U.S. official sees long war in Syria
A senior U.S. intelligence official Saturday warned that the Syrian conflict could last "many, many months to multiple years," and described a situation that would most likely worsen regardless of whether the Syrian leader, President Bashar Assad, fell.
The comments by David Shedd, deputy director of the Defense Intelligence Agency, were one of the strongest public warnings about how the civil war in Syria has deteriorated, and he seemed to imply that the response from the United States and its allies had so far been lacking.
Shedd suggested that in addition to strengthening the more secular groups of the fractious Syrian opposition — which the Obama administration has promised to arm with weapons and ammunition — the West would have to directly confront more radical Islamist elements. But he did not say how that could be accomplished.
"The reality is that, left unchecked, they will become bigger," Shedd told the Aspen Security Forum, an annual meeting on security issues. "Over the last two years they've grown in size."
Man who was beaten sets off airport bomb
A disabled man who was reportedly protesting past mistreatment by security officials set off a homemade bomb inside Beijing Capital International Airport on Saturday evening, injuring only himself but causing a brief panic, according to witnesses.
The man, Ji Zhongxing, 34, was in a wheelchair, the state-run Xinhua news agency reported.
According to documents posted on the Internet, Ji, who had earned his living transporting people on a motorcycle, was paralyzed from the waist down in 2005 after security officers in the southern city of Dongguan beat him for operating an unlicensed transport service.
Police say woman fell from Six Flags coaster
A woman who died while riding a roller coaster at a Six Flags amusement park in North Texas fell from the ride, Arlington police Sgt. Christopher Cook told the Associated Press on Saturday.
He said that police believe the woman fell Friday at Six Flags Over Texas in Arlington, and that there appears to have been no foul play. He said police, fire and emergency medical services responded to the park in reference to a woman who had fallen from a train car on a roller coaster.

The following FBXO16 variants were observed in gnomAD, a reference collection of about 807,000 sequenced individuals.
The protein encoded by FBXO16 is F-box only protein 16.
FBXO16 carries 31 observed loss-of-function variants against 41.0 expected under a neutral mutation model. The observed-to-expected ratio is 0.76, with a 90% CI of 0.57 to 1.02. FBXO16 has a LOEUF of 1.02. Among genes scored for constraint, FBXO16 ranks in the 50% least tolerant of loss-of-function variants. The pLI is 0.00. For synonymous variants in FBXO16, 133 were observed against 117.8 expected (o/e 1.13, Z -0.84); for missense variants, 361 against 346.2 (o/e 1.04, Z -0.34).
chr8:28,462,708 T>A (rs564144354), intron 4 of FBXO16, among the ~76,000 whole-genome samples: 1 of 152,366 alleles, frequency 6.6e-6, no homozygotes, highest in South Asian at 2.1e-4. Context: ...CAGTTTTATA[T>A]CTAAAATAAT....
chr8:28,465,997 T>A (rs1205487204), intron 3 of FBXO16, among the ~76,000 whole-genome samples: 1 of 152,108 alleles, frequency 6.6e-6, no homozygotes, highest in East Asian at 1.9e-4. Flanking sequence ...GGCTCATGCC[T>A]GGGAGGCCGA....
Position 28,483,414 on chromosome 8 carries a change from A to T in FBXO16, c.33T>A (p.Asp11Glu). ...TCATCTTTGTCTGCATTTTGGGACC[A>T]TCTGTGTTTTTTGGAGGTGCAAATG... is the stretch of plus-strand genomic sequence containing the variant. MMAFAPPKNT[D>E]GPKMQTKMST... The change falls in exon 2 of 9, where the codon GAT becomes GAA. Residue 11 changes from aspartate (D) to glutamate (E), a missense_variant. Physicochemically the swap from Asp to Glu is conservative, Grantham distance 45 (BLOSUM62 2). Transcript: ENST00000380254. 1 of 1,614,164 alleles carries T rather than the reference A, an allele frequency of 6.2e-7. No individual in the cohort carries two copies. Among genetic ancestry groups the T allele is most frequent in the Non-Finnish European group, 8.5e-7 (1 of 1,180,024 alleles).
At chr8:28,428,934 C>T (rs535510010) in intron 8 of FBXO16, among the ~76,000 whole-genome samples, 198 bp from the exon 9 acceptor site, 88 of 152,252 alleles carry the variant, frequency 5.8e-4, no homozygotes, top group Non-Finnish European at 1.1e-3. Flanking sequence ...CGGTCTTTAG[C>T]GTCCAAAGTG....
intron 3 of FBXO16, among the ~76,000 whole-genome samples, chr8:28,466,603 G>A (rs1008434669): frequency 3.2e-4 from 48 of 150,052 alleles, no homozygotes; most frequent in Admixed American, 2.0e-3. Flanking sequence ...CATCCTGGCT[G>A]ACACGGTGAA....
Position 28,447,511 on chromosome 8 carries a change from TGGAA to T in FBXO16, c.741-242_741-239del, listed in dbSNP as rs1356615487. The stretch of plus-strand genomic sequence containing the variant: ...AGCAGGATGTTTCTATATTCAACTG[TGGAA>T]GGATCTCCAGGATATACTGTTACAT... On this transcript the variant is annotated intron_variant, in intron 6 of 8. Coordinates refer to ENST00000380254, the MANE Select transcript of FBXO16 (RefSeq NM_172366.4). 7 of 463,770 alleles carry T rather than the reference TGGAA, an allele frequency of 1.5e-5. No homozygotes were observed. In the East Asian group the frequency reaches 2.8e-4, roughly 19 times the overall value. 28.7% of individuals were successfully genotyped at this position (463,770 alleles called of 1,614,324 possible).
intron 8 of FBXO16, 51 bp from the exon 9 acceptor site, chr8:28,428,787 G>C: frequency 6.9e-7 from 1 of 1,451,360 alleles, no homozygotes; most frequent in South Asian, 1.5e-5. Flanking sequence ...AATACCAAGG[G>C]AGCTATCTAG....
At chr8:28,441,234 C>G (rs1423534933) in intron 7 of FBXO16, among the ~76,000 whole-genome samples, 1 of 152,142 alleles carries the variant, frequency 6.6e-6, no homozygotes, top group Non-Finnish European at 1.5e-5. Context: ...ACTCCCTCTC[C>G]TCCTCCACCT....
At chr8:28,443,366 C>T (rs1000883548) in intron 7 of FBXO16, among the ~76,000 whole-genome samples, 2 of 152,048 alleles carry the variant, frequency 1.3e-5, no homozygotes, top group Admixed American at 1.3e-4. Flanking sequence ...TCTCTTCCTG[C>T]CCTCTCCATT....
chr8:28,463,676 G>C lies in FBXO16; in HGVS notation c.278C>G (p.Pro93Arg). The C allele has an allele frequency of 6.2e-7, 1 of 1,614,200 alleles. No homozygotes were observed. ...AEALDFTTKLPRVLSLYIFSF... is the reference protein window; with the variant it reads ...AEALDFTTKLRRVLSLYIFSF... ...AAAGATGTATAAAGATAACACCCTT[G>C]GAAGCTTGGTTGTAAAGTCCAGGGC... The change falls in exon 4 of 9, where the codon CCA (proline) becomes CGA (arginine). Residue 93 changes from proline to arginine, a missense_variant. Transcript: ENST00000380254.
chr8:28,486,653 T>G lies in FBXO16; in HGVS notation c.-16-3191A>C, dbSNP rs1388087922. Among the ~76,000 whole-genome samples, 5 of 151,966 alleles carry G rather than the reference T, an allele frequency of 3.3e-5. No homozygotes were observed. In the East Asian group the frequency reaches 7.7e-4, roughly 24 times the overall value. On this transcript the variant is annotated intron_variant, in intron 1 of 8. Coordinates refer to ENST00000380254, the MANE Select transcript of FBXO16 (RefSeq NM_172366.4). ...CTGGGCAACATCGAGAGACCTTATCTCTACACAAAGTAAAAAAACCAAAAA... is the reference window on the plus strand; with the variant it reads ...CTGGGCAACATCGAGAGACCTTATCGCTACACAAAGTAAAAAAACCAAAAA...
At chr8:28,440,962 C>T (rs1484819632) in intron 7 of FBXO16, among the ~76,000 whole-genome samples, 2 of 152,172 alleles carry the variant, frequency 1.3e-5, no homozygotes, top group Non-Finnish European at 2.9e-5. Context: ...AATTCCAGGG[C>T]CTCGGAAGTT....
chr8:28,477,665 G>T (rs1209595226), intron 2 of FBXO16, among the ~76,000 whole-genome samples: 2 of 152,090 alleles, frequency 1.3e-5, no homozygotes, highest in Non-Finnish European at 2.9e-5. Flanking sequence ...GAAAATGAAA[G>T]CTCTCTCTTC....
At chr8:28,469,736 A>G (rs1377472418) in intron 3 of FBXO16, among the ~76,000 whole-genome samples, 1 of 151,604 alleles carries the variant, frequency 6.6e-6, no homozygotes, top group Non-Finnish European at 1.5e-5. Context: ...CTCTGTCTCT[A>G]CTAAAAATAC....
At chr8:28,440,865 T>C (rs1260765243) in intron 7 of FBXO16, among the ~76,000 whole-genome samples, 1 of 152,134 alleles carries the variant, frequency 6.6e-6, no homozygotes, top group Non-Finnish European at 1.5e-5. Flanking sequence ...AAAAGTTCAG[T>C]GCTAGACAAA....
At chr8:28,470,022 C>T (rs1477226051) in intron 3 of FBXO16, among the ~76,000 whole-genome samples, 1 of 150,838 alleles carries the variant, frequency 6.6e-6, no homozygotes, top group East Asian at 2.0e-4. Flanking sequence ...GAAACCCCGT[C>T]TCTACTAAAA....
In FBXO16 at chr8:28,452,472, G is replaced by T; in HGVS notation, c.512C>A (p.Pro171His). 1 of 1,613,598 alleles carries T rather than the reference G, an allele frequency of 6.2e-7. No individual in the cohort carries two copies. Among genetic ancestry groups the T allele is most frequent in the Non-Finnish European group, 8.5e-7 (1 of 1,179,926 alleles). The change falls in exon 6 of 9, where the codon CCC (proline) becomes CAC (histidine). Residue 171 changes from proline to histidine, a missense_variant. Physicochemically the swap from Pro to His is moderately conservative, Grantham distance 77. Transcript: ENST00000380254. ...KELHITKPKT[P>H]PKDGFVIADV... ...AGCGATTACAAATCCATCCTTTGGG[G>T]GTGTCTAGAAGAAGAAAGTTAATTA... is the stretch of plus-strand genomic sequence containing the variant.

She had been riding the Texas Giant. Dubbed the tallest steel-hybrid coaster in the world, it reaches 14 stories high, drops 79 degrees and banks 95 degrees.
Colombia: The U.S. ambassador to Colombia demanded Saturday that the Revolutionary Armed Forces of Colombia release a former U.S. service member the rebel group has been holding since last month.
Iraq: A coordinated wave of seven car bombs tore through bustling commercial streets Saturday night in Shiite areas of Baghdad, part of a relentless wave of violence that killed at least 46 inside and outside the capital.
Italy: Five employees of an Italian cruise company were convicted Saturday of manslaughter in the Costa Concordia shipwreck that killed 32 people, receiving sentences of less than three years that lawyers for victims and survivors criticized as too lenient.
Egypt: The interim president selected a team of legal experts Saturday to rewrite controversial portions of the Islamist-drafted constitution, as the military-backed leadership moved to try to capitalize on the ouster of the first freely elected leader.
India: Samples of cooking oil and leftover food taken from an Indian school where 23 children died after eating lunch last week were contaminated with "very toxic" levels of an agricultural pesticide, police said Saturday. No arrests have been made in the case.
India: A court in central India sentenced six men ages 22 to 30 to life imprisonment Saturday for the gang rape of a Swiss tourist in March, lawyers said.